We acknowledge our collaboration with the groups of Dr. Colette Boskovic (Melbourne), Dr. Mark Murrie (Glasgow), Prof. Richard Winpenny (Manchester), Prof. Bernard Barbara (Grenoble), Prof. George Christou (Florida), Prof. Achim Müller (Bielefeld), and our collaborators at the Institut Laue-Langevin (Grenoble, France), Hahn Meitner Institut (Berlin, Germany), Paul Scherrer Institut (Villigen, Switzerland), and ISIS (Rutherford Appleton Laboratory, Didcot, UK). We thank the Swiss National Science Foundation for financial support, including NRP 47 (Supramolecular Functional Materials) and the European Union (TMR Quemolna MRTN-CT-2003-504880).
Single-Molecule Magnets Under Pressure†
Article first published online: 30 NOV 2005
Copyright © 2006 WILEY-VCH Verlag GmbH & Co. KGaA, Weinheim
Advanced Functional Materials
Special Issue: Supramolecular Functional Materials
Volume 16, Issue 2, pages 209–220, January, 2006
How to Cite
Bircher, R., Chaboussant, G., Dobe, C., Güdel, H. U., Ochsenbein, S. T., Sieber, A. and Waldmann, O. (2006), Single-Molecule Magnets Under Pressure. Adv. Funct. Mater., 16: 209–220. doi: 10.1002/adfm.200500244
- Issue published online: 9 JAN 2006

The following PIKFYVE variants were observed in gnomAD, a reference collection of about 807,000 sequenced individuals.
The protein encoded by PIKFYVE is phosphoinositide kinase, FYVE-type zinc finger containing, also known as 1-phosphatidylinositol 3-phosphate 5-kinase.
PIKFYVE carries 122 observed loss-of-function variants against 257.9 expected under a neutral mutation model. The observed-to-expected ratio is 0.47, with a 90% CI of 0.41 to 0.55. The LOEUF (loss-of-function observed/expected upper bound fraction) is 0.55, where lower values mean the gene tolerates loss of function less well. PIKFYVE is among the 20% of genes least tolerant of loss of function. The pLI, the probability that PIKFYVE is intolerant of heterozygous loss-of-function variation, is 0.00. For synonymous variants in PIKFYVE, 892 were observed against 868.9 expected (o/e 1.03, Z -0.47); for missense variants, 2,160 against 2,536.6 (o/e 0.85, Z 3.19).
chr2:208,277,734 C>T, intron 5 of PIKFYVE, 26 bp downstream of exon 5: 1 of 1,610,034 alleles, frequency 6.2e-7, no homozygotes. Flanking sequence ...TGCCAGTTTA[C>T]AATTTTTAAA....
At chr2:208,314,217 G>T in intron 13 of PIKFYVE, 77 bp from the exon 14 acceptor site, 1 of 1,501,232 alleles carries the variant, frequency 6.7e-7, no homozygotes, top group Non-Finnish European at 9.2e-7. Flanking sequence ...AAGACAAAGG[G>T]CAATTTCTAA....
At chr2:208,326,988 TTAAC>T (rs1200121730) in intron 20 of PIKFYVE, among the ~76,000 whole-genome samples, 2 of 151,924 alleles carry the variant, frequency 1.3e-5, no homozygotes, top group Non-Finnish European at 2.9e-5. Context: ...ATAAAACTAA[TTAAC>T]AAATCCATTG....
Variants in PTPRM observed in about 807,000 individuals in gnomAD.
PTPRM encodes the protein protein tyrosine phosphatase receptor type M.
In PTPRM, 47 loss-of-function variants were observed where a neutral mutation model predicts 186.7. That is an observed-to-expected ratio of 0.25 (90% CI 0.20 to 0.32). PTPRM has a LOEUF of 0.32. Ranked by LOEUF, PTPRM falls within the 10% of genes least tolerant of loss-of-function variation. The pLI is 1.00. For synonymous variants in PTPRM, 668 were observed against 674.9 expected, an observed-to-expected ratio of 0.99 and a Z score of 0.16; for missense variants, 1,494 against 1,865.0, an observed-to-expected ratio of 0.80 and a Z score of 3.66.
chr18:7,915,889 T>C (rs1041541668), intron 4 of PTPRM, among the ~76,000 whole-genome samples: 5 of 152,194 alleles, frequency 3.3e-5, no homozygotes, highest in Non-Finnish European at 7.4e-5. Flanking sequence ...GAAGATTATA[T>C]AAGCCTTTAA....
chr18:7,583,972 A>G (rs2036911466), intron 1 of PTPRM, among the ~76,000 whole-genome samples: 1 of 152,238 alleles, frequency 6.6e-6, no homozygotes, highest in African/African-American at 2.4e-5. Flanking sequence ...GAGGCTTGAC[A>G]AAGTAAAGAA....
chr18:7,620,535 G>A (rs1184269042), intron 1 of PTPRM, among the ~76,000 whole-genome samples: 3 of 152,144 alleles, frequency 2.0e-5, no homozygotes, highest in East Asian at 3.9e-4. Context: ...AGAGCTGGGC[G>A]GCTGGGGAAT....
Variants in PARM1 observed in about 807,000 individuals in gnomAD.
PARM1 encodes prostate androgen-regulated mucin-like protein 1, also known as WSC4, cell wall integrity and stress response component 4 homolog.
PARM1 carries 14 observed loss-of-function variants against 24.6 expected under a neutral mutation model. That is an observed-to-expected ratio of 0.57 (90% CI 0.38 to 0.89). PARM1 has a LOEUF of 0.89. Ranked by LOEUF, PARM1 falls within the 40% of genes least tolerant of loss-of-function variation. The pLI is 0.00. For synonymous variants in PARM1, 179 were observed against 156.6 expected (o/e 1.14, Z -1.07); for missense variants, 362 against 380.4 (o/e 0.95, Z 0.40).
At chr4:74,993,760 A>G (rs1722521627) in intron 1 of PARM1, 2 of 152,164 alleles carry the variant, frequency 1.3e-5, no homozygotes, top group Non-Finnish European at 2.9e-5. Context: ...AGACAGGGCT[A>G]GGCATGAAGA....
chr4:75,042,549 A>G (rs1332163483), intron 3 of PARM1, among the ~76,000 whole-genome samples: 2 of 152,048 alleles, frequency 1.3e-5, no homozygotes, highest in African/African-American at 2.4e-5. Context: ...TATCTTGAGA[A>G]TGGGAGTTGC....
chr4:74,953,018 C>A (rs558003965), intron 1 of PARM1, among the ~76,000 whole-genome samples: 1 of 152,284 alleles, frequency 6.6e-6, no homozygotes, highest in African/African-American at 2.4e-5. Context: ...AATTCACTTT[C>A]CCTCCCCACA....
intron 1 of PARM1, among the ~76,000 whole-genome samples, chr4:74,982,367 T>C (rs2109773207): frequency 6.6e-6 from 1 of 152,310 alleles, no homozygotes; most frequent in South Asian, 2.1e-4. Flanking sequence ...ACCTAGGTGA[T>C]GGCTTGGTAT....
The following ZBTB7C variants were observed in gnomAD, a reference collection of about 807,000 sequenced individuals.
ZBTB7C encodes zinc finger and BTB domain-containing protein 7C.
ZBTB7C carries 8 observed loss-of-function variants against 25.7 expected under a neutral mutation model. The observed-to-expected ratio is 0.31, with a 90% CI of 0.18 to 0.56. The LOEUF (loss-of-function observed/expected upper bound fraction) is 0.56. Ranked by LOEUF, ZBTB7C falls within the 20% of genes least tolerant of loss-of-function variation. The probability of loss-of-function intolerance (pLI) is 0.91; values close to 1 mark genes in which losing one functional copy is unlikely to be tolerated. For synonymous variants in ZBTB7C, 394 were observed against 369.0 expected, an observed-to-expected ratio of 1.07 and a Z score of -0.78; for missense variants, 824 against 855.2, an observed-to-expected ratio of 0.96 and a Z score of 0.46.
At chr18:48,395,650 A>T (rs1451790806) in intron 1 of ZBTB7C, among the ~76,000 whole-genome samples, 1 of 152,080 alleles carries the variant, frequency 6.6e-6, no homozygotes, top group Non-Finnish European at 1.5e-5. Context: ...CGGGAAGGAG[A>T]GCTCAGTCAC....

- Article first published online: 30 NOV 2005
- Manuscript Accepted: 3 AUG 2005
- Manuscript Received: 20 APR 2005
- Single-molecule magnets
We feature our recent work in the field of single-molecule magnets (SMMs) using inelastic neutron scattering (INS). The term “pressure” in the title has a triple meaning. First, there is the expectation from research-funding agencies and the public to make some significant steps towards applications. Second, the synthesis of new compounds and the applications of physical techniques for their understanding are being pushed to their limits. And third, by applying hydrostatic pressure, valuable insight into the mechanisms behind the SMM phenomena can be gained. Examples from our research have been taken to illustrate these points. After a brief introduction to the technique, the strength of INS for the accurate determination of exchange and anisotropy interactions in SMMs is highlighted. We hope to demonstrate that, by pushing INS measurements to their limits, i.e., using the best available neutron sources and instrumentation, combined with high quality samples, new insights into the relevant physical processes in SMMs can be gained.